Home Lifestyle ‘Healthy’ habits that make you fat

‘Healthy’ habits that make you fat


February 20, 2013- When trying to lose weight, some of the first things we do – such as cutting down on fat, drinking more water and eating more fruit – can also be the things that cause us to struggle to lose weight or even pile on the pounds. Check out the 5 ‘healthy’ habits that could be making you gain weight, as well as how to make them more diet-friendly.

Cutting fat from your diet

Hands up who’s ever checked a packet and then rejected your food choice based on the fat content? If you’ve ever been on a diet, we’re guessing your hand is probably up. For many dieters, fat seems like the ultimate enemy. However, opting for low fat products can be much more of a diet disaster than opting for those that contain moderate amounts of fat.

Firstly, many low fat meals are packed with sugar to compensate, meaning that they can still inevitably lead to weight gain. Furthermore, contrary to what you may think, not all fats are good for you, and studies have found that eating good monounsaturated fats – found in olives, nuts and avocados – can actually help to promote weight loss.


shutterstock_113429689Drinking water

Drinking plenty of water is undoubtedly good for you; helping you to stay hydrated and energised and to keep your organs and digestive system in good condition. However, studies have shown that the chemicals found in water could also be making you fat.

Not only have research results published in PLoS ONE shown that the chemical bisphenol A (BPA) found in plastic water bottles encourages the body to create more fat, our drinking water can also contain the hormone oestrogen, which affects the way our bodies store fat. The more we are exposed to these chemicals, the harder it becomes to lose weight. However, there’s no need to panic just yet – while ditching water clearly isn’t an option, experts suggest that filtering your water or using a reverse osmosis purification system can limit the chemicals you are exposed to.


While exercise is essential for good health and, when approached correctly, can help you to shed excess pounds, many exercisers make vital mistakes that can lead to them gaining weight. Firstly, research has found that relying solely on exercise to manage your weight can actually be ineffective. Studies have shown that exercise, when not combined with dietary changes, does very little in respect to losing weight.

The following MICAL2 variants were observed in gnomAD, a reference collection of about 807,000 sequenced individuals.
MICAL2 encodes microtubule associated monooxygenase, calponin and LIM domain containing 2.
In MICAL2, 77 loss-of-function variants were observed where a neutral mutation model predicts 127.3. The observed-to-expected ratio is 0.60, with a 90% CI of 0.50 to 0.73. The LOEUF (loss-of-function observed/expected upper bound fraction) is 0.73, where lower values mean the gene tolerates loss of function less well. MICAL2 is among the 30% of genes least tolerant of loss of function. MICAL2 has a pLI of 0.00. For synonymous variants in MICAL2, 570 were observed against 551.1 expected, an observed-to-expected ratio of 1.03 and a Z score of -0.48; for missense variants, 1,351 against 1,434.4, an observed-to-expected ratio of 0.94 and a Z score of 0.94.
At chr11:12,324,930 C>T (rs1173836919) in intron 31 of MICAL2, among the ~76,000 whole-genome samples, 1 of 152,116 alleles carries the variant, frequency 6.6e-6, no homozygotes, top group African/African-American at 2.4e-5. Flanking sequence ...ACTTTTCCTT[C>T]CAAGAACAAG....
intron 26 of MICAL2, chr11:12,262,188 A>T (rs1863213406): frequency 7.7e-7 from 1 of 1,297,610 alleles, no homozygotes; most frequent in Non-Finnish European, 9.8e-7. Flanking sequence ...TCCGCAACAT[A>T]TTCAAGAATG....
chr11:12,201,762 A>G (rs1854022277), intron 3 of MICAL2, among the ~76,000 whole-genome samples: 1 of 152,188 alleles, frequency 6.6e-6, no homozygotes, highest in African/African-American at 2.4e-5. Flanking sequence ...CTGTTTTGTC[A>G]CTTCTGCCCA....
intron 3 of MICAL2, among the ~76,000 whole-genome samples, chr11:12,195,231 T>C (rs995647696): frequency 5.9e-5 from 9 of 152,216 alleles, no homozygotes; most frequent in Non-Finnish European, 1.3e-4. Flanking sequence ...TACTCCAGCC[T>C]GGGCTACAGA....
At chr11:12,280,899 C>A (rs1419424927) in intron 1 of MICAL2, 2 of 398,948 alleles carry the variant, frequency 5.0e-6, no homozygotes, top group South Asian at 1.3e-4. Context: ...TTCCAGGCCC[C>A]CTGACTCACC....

Additionally, many of us overestimate the amount of kilojoules burned through exercise and adhere to the myth that exercise continues to boost the body’s ability to burn fat well after our workout is over. Therefore, we often end up overcompensating for workouts with pre- or post-workout snacks, leading to weight gain. For maximum weight loss benefits, try to incorporate both exercise and dietary changes into your day.

Looking on the bright side

While impulsive and optimistic people may be happier (and therefore have stronger immune systems) than their more anxious and pessimistic counterparts, research suggests that they could also have more trouble losing weight.

According to research by America’s National Institute on Ageing, impulsivity is the strongest predictor of who will become overweight. Furthermore, researchers from Doshisha University in Kyoto, Japan studied obese women and men partaking in a six month weight loss program and found that those who were more positive and optimistic in their outlook lost the least weight. It is believed that positivity may cause weight gain by causing optimists not to worry enough about their weight to resist temptation and stick to a strict healthy eating and fitness regime.

Snacking on fruit

Fruit is undoubtedly nutritious, being packed with vitamins, minerals, fibre and antioxidants. However, due to its healthy properties, many people overindulge on fresh fruit, juices and smoothies, forgetting about the fact that many fruits are also high in kilojoules and sugar. Although fruit is healthy, remember that a kilojoule is still a kilojoule, and the ones in fruit are as likely to make you overweight as the ones in any other food.

Furthermore, research results published in the Journal of the American Medical Association suggest that fructose (the sugar found in fruit) can help to trigger overeating, as after consuming fructose the brain doesn’t register feelings of fullness and satiety as it does when we consume glucose. While it is still important we feed our bodies with the nutrients found in fruit, those struggling with their weight should ensure they don’t go overboard. You should also try to obtain some of these nutrients and fibre through vegetables, which are lower in sugar and kilojoules.